Apple is joining a movement to remove the racially loaded terms “master/slave” and “blacklist/whitelist” from its coding platforms.
On Thursday, the company announced it was phasing out the “non-inclusive language” across Apple’s developer ecosystem, including Xcode, a suite of software tools to create apps for the Mac and the iPhone.
For decades now, the term master/slave has been used in IT terminology to describe one device or process that controls another. However, there’s been a growing push from the programming community to retire the term and replace it with neutral language.
Apple’s updated style guide now tells developers to substitute the terms with “primary/secondary” or “host/client” in their software programs. If necessary, the master/slave term can still be permitted in the computer coding itself, but the company is calling for developers to use alternative terms in documentation manuals.
In addition, Apple is telling developers to avoid using blacklists/whitelists, another IT technology term that critics say perpetuates racial stereotyping. The company is instead recommending developers use the terms “deny list/allow list” or “unapproved list/approved list.”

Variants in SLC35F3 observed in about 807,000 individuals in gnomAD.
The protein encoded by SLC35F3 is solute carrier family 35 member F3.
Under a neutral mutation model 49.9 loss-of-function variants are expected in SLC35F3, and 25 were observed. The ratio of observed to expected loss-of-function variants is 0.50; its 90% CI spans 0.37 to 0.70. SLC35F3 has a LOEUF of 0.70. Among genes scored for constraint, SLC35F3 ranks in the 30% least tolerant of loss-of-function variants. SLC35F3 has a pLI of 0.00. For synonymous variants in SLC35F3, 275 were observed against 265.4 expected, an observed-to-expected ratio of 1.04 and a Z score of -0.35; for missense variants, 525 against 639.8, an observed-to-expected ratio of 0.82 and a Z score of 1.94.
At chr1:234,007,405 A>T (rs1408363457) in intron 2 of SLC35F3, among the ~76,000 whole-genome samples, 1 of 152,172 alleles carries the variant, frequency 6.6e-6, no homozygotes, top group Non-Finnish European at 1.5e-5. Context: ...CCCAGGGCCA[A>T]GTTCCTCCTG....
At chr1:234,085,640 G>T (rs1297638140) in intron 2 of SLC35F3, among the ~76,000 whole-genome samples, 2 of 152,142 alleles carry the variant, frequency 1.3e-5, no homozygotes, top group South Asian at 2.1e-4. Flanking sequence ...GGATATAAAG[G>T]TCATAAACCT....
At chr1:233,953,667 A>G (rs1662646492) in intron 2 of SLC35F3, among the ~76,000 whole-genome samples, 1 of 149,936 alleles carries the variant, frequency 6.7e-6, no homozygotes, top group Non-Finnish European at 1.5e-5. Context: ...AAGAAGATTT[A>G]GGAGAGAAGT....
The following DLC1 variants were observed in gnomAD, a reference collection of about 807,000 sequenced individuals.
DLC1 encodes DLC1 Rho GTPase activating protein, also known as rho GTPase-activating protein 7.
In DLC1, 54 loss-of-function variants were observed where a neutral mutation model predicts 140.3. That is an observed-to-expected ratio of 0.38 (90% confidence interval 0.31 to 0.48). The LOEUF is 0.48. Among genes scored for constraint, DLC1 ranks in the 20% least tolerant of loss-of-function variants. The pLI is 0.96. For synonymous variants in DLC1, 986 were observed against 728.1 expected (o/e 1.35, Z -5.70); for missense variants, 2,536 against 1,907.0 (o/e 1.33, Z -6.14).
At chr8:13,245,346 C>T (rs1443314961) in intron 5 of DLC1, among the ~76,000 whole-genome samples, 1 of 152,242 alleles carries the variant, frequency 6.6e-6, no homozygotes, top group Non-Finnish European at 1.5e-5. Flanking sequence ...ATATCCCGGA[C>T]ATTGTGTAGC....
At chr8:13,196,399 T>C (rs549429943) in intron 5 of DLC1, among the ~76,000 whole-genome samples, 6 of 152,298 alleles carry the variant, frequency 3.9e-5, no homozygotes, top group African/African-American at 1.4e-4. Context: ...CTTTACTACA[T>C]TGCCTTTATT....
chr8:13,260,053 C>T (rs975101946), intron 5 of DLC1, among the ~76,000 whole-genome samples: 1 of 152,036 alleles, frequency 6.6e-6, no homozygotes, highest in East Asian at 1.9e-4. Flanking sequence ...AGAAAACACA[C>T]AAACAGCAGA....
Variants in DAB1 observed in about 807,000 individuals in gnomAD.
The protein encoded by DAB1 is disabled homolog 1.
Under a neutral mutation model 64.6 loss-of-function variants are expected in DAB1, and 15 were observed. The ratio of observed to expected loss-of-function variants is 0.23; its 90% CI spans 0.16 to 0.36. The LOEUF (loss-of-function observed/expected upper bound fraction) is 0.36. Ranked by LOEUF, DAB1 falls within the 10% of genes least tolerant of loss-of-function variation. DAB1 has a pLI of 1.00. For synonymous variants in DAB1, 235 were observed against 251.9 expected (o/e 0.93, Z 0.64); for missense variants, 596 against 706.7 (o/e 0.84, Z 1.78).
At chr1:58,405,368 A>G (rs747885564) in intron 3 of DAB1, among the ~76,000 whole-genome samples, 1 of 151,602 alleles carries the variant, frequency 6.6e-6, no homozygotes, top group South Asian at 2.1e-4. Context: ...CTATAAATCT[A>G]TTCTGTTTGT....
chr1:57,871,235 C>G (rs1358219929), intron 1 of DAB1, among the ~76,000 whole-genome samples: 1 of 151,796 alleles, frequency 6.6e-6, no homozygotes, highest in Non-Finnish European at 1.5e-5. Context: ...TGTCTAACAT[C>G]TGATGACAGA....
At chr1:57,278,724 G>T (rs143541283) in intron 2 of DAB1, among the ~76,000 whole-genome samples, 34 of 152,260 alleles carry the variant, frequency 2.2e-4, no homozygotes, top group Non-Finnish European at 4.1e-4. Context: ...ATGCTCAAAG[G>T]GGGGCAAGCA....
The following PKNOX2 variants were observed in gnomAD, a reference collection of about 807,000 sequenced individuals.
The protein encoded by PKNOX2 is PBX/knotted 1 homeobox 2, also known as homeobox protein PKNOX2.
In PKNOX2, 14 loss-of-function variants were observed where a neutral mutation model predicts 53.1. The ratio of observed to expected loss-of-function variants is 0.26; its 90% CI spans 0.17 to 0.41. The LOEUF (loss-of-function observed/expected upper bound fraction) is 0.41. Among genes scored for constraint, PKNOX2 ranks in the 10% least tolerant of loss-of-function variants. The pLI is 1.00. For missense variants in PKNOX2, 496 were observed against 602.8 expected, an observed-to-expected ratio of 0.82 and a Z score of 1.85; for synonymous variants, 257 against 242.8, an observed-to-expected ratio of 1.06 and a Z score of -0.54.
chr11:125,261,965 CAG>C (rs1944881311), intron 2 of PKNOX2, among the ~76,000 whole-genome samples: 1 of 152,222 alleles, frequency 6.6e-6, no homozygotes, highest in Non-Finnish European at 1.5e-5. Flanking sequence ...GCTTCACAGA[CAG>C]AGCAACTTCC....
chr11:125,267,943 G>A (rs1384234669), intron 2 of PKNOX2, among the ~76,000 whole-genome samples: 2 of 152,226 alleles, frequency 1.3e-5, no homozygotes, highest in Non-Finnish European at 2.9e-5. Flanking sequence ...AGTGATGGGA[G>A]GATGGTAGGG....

The company began making the changes on June 22 at its virtual Worldwide Developer Conference (WWDC). “Developer APIs with exclusionary terms will be deprecated as we introduce replacements across internal codebases, public APIs, and open source projects, such as WebKit and Swift,” the company added this week.
Other computing platforms, including Python and Github, have also been retiring the old-school IT terminology. Last week, Linux founder Linus Torvalds approved a change in the Linux kernel to remove the master/slave and blacklist/whitelist terms. Intel engineer Dan Williams, who came up with the proposal, explained why the change was important.
“The African slave trade was a brutal system of human misery deployed at global scale. Some word choice decisions in a modern software project does next to nothing to compensate for that legacy. So why put any effort into something so trivial in comparison? Because the goal is not to repair, or erase the past. The goal is to maximize availability and efficiency of the global developer community to participate in the Linux kernel development process,” he wrote in the Linux kernel mailing list earlier this month.
Although critics may argue taking out blacklist/whitelist goes too far, according to Williams it’s evident the terms are problematic. “One thought exercise is to consider replacing ‘blacklist/whitelist’ with ‘redlist/greenlist’. Realize that the replacement only makes sense if you have been socialized with the concepts that ‘red/green’ implies ‘stop/go,’” he wrote. “The socialization of ‘black/white’ to have the connotation of ‘impermissible/permissible’ does not support inclusion.”